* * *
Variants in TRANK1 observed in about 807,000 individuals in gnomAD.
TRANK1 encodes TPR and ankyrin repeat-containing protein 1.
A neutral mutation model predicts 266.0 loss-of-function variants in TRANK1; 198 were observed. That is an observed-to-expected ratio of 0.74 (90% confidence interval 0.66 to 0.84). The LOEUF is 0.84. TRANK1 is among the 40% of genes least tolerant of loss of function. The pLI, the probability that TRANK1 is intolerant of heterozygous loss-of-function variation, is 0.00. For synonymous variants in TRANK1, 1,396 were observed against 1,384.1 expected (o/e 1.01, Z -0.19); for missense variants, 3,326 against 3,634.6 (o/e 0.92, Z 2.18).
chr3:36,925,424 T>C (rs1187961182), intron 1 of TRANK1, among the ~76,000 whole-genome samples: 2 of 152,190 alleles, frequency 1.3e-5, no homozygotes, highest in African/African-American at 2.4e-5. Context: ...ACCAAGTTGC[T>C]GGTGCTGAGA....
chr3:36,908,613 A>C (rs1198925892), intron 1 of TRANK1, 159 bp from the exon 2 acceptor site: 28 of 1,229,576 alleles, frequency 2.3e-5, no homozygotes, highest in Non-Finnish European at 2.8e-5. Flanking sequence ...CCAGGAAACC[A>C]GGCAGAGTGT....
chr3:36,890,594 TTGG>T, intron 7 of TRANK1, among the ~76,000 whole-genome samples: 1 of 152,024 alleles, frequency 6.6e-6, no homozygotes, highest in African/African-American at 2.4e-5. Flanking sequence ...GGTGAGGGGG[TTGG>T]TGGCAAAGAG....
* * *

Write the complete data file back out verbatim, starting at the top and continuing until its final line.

Variants in TRANK1 observed in about 807,000 individuals in gnomAD.
TRANK1 encodes TPR and ankyrin repeat-containing protein 1.
A neutral mutation model predicts 266.0 loss-of-function variants in TRANK1; 198 were observed. That is an observed-to-expected ratio of 0.74 (90% confidence interval 0.66 to 0.84). The LOEUF is 0.84. TRANK1 is among the 40% of genes least tolerant of loss of function. The pLI, the probability that TRANK1 is intolerant of heterozygous loss-of-function variation, is 0.00. For synonymous variants in TRANK1, 1,396 were observed against 1,384.1 expected (o/e 1.01, Z -0.19); for missense variants, 3,326 against 3,634.6 (o/e 0.92, Z 2.18).
chr3:36,925,424 T>C (rs1187961182), intron 1 of TRANK1, among the ~76,000 whole-genome samples: 2 of 152,190 alleles, frequency 1.3e-5, no homozygotes, highest in African/African-American at 2.4e-5. Context: ...ACCAAGTTGC[T>C]GGTGCTGAGA....
chr3:36,908,613 A>C (rs1198925892), intron 1 of TRANK1, 159 bp from the exon 2 acceptor site: 28 of 1,229,576 alleles, frequency 2.3e-5, no homozygotes, highest in Non-Finnish European at 2.8e-5. Flanking sequence ...CCAGGAAACC[A>C]GGCAGAGTGT....
chr3:36,890,594 TTGG>T, intron 7 of TRANK1, among the ~76,000 whole-genome samples: 1 of 152,024 alleles, frequency 6.6e-6, no homozygotes, highest in African/African-American at 2.4e-5. Flanking sequence ...GGTGAGGGGG[TTGG>T]TGGCAAAGAG....